He’d been out across the Thames a couple of times, at night in his bare feet. Padding near-silently over the erratic wavelets, just to see if he could still do it. It came to him the second time that it might just be a dream; it was probably a dream, it was a dream when he was a child and he played out there, running under the bridges to hide, and wandering past the moored ships, touching their massive sides with his fingertips, wondering how they stayed afloat.
The water sloshed gently over his toes, biting them with icy teeth, but he took that as part of it all, barely noticed. The hems of his jeans started to soak up the water, but he knew he had clean clothes at home. The night was cold but not freezing; early October, some time before the shift of the clock brought the deep chill of the middle of the night closer to the evening.
There were people on the bank he had just left, dressed for a night at the theatre, staring at him like a ghost. He knew what they would think, but he didn’t believe in much of anything.
“I’m not God!” he yells across at them. “It’s just a trick!” They applauded appreciatively, drunk and cheerful. It’s true, he thought, it’s just a trick. One he learned to do long ago and could never teach to another.
He reached down and scooped a small fish out of the water, holding it up and nodding as if to indicate that this, a tiny silver packet of life, fluttering and flickering in his hand, was his purpose out there.
He held on to the fish and strode boldly towards the nearest bridge, hoping to disappear. Fascinated, he stared at the animal in his hands; the quick life gasping out, eyes fixed on his though he knew the fish would not recognise him as a fellow living creature. His cruelty in that moment, to drown it in the freezing air, was alien to its brief mind. It stared even as its convulsions slowed to a dying pulse. He knew he should put it back in the water, so opened his hands and it fell with a soft splash back to the river.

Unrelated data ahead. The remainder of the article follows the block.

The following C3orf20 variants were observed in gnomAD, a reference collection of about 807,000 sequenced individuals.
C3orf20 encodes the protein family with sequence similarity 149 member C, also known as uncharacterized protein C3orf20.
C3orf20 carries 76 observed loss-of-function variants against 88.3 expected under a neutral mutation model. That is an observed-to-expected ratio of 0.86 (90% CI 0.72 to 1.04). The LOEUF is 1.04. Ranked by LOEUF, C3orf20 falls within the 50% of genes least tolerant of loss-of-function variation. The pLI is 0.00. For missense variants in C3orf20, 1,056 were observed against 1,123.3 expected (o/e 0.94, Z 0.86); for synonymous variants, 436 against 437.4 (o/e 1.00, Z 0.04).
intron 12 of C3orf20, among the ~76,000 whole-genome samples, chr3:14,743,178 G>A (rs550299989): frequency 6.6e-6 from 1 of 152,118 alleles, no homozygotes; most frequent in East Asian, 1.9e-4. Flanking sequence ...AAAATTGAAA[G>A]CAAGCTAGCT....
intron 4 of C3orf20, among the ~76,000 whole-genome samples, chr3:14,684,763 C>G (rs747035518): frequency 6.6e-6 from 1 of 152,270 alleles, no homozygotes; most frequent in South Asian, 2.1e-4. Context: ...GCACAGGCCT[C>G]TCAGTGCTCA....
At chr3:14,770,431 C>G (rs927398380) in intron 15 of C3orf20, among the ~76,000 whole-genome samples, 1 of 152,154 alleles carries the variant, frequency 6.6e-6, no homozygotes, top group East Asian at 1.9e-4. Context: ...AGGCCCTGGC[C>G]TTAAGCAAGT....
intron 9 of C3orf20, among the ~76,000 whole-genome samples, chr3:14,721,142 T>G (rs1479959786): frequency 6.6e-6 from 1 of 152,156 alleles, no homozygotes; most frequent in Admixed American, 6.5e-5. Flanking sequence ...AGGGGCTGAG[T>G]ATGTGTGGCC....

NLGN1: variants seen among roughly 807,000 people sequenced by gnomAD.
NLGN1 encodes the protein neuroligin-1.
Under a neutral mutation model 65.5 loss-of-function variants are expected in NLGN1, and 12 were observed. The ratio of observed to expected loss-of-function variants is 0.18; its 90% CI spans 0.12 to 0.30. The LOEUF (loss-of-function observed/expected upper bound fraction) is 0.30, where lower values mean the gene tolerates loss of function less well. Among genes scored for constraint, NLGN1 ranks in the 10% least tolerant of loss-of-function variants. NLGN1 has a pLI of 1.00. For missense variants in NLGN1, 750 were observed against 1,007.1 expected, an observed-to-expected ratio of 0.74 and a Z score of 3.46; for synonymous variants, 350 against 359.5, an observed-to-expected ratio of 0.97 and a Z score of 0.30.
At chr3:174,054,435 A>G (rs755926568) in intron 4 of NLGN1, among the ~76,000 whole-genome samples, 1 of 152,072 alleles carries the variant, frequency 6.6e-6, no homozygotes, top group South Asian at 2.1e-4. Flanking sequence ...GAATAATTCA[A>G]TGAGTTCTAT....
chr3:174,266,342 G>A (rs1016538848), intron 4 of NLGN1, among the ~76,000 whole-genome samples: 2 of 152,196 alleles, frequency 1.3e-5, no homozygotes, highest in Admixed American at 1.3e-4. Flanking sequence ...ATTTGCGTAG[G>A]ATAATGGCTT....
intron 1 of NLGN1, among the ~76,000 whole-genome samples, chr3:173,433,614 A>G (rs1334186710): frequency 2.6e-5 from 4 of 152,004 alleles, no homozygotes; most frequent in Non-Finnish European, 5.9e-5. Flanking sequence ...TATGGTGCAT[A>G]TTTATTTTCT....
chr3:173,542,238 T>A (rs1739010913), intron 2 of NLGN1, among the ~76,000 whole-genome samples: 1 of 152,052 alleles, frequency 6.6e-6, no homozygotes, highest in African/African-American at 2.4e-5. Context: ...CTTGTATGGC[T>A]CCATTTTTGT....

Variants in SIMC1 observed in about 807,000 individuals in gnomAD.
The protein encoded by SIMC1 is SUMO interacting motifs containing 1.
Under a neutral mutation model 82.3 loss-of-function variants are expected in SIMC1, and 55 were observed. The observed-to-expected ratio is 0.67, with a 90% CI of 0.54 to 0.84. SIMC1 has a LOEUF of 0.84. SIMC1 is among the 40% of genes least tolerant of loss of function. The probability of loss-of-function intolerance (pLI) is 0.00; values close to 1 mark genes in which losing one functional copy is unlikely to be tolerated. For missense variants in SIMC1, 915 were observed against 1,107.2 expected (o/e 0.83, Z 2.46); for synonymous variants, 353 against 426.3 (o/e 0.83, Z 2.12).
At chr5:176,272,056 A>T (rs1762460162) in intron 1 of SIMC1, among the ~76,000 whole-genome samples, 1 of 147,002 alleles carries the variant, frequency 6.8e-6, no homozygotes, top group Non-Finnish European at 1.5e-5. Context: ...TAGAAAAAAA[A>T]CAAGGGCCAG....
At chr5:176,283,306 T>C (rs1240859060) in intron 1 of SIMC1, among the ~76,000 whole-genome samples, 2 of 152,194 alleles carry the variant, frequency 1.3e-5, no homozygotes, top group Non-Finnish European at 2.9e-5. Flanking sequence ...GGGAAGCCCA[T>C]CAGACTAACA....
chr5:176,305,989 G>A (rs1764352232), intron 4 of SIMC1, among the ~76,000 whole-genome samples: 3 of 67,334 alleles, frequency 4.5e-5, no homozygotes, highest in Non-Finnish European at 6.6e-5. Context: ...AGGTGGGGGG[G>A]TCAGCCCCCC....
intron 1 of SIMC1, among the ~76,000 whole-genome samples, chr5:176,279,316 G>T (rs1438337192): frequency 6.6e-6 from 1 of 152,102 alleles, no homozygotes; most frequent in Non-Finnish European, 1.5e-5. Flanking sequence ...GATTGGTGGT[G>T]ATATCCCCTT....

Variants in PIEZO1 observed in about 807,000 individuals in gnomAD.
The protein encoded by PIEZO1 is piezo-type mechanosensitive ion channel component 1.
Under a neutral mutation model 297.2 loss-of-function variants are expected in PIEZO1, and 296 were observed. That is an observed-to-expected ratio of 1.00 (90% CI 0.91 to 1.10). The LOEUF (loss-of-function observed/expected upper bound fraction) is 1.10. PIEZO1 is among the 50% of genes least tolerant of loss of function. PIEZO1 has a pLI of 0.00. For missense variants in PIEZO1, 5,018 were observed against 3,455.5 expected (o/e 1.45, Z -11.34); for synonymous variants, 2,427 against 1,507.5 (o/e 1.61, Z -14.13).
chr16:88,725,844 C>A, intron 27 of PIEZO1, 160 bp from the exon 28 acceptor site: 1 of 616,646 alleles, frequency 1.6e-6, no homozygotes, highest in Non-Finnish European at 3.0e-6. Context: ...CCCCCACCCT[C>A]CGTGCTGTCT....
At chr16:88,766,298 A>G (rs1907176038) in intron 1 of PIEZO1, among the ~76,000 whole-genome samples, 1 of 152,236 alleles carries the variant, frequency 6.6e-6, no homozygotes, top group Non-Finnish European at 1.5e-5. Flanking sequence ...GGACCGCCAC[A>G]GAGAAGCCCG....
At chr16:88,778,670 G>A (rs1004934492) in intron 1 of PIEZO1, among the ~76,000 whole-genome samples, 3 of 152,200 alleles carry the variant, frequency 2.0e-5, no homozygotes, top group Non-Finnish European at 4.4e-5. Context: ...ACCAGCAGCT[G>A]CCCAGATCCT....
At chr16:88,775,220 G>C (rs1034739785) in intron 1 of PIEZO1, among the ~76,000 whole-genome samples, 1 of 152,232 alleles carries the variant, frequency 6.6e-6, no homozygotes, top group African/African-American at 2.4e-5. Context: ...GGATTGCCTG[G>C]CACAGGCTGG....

Immediately, it recovered itself. It dropped purposefully away from him into the dark, a flash of its sides and it was gone from him. He laughed and ran to where he saw it last, but the movement was wrong – he was too fast for himself, his equilibrium turned and he stumbled. One foot plunged awkwardly into the water, his left leg disappearing to the knee with panic-inducing swiftness. Without knowing how to react, he yelped and let his body run on impulse.
His right leg, solid on the wavelet-crumpled surface of the Thames, pushed hard and he leapt to the safety of the bridge, reaching the pontoon in two messy, splashing strides. If the tide had been lower, he would have never been able to drag himself onto it, but he managed to scale the sides with only a little effort and, confident he would not be noticed in the tangle of wires and girders, sat on the edge.
He let his feet, numb now, drag carelessly in the water, the current giving his dangling toes a dynamism they had not earned. His heart slowly returned to its usual slow dance between his lungs but the whole of his chest felt hollow and his arms were weak from fright. He sat back against the bridge, leaning his head against the rumbling bulk of its supports. A train crossed the adjoining bridge, rattling his teeth.
The pontoon was littered with broken skateboards, thrown there at first without thought and now with something like ritual precision. A noise in the air tore his gaze from the gaudy cairn he had been gazing emptily through to the dwindling sky. A flock of geese, heavy and noisy, late for their migration, flew overhead in a rough V. He watched them disappear over the higgledy-piggledy skyline of London, into the fallen Sun, and envied their flight.